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that he did not apply a reliable methodology in support of his causation opinions. 1 The Court
does not find that any of these arguments warrant excluding Dr. Torry’s opinions.
Johnson Controls first argues that Dr. Torry’s opinions lack foundation because he
simply assumed that the Plaintiffs were exposed to asbestos, TCE, and PCE. 2 This argument
mistakes both his role and the nature of his opinions, though. Dr. Torry’s role in this case is not
to establish whether the Plaintiffs were in fact exposed to any harmful substances—a psychiatrist
has no useful expertise to render an opinion on that issue. Instead, the Plaintiffs offer other
experts and evidence to prove exposure. If they fail to do so, then a jury may never need to reach
Dr. Torry’s opinions. But it is entirely appropriate for Dr. Torry to rely on those assumptions and
to confine his opinions to his expertise. See Fed. R. Evid. 703; Manpower, Inc. v. Ins. Co. of
Penn., 732 F.3d 796, 807–08 (7th Cir. 2013). Moreover, unlike the health experts’ opinions, Dr.
Torry’s opinions are not based on a physical effect caused by contact with the substances.
Rather, he opines that the Plaintiffs’ emotional distress was caused by their belief that they were
exposed to harmful substances. Dr. Torry’s opinions evaluate the effects caused by that belief,
such as the fear, helplessness, or guilt the Plaintiffs discussed experiencing as a result. Whether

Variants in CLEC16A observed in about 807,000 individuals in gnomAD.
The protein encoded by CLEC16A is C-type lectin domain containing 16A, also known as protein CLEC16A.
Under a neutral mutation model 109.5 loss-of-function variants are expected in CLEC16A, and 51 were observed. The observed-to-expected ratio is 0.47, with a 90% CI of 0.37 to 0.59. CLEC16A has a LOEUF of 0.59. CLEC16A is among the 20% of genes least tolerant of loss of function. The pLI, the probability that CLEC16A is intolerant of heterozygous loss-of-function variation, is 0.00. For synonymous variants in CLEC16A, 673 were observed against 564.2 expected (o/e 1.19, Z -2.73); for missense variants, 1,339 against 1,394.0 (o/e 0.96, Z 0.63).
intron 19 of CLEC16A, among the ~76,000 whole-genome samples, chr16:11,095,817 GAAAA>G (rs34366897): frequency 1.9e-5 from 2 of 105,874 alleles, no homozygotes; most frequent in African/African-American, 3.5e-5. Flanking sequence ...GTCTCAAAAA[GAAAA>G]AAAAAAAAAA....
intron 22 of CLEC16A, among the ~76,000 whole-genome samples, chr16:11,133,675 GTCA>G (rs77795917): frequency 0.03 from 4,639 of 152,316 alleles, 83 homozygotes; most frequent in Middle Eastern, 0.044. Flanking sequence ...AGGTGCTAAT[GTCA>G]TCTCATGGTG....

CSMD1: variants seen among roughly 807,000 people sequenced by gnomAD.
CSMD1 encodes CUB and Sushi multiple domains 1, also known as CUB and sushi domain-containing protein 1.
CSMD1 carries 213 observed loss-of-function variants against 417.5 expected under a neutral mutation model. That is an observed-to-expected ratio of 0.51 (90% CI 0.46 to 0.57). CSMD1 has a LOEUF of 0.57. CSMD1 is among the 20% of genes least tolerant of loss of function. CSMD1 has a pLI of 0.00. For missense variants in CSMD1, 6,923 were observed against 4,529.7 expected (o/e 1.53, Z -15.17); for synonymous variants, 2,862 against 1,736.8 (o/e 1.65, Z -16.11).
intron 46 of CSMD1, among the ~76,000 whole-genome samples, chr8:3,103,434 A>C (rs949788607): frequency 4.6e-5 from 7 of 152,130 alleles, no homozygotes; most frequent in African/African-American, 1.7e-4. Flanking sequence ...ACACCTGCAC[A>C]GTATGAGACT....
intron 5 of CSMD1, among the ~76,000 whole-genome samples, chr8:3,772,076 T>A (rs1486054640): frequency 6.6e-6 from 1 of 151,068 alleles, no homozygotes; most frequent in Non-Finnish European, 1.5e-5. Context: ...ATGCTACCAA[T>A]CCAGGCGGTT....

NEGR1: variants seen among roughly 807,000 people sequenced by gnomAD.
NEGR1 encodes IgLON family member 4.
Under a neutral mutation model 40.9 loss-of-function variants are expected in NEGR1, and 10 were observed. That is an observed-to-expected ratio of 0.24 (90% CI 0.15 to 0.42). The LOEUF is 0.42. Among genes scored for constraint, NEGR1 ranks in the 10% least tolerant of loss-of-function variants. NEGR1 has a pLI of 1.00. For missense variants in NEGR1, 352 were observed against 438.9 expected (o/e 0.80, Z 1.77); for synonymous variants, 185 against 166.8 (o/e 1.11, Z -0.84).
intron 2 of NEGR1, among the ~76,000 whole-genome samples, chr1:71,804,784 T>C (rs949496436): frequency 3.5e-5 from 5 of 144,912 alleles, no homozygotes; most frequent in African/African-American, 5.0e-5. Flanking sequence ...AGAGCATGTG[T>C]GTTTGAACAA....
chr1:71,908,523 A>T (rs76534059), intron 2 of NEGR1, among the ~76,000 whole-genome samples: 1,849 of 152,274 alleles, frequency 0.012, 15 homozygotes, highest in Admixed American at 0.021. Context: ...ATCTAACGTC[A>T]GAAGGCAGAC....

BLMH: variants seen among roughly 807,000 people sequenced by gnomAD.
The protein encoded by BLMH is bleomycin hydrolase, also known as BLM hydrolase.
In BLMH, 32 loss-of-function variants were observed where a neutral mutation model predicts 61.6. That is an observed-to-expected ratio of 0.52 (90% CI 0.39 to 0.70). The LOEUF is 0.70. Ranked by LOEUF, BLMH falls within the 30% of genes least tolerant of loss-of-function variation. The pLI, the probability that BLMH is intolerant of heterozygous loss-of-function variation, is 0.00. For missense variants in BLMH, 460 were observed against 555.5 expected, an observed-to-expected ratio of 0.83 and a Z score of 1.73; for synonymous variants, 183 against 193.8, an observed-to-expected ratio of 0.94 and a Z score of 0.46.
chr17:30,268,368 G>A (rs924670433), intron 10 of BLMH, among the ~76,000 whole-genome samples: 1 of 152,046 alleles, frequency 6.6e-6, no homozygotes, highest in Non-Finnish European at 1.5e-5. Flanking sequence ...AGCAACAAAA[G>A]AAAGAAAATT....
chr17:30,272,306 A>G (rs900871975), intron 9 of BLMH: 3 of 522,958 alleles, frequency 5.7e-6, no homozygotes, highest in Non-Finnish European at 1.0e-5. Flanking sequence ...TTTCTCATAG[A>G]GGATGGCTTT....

or not those exposures occurred is a separate question, but that is outside the scope of Dr. Torry’s
opinions. His assumption that the Plaintiffs were exposed to the substances is thus not a basis for
excluding his opinions.
Johnson Controls also argues in its reply brief that Dr. Torry’s opinions on the reasonableness
of each plaintiff’s distress should not be subject to expert testimony in the first place. The Court
declines to address that argument since it was raised for the first time in a reply.
Johnson Controls also argues that Dr. Torry was unable to distinguish between harm caused by
the asbestos versus the solvents. It offers no reason Dr. Torry needs to make such a distinction,
though. This argument may have been premised on the Court granting Johnson Controls’ motion
to exclude the opinions on asbestos exposure, but the Court denied that motion in part.
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Johnson Controls next objects that Dr. Torry’s reports include extended recitations of
facts related to the history of the site and of the contamination. This information mostly came
from counsel or from documents reflecting the Plaintiffs’ theory of the case, and some of it was
not even known by the Plaintiffs themselves. The Court agrees that it would largely be improper
for Dr. Torry to testify to these matters at trial, as an expert cannot be used to serve as a narrator
for a party’s version of the facts. United States v. Brownlee, 744 F.3d 479, 482 (7th Cir. 2014);
Newman ex rel. Newman v. McNeil Consumer Healthcare, No. 10 C 1541, 2013 WL 9936293, at
*6 (N.D. Ill. Mar. 29, 2013) (“An expert ‘cannot be presented to the jury solely for the purpose
of constructing a factual narrative based upon record evidence.’”). This issue is better viewed
through Rule 703 than 702, though. As already noted, Dr. Torry has no expertise in evaluating
the nature or extent of exposure or in drawing factual conclusions about the site’s history. The
opinions he actually offers focus on the Plaintiffs’ mental health, though. In support of those
opinions, he relied largely on his discussions with the Plaintiffs about what they perceived and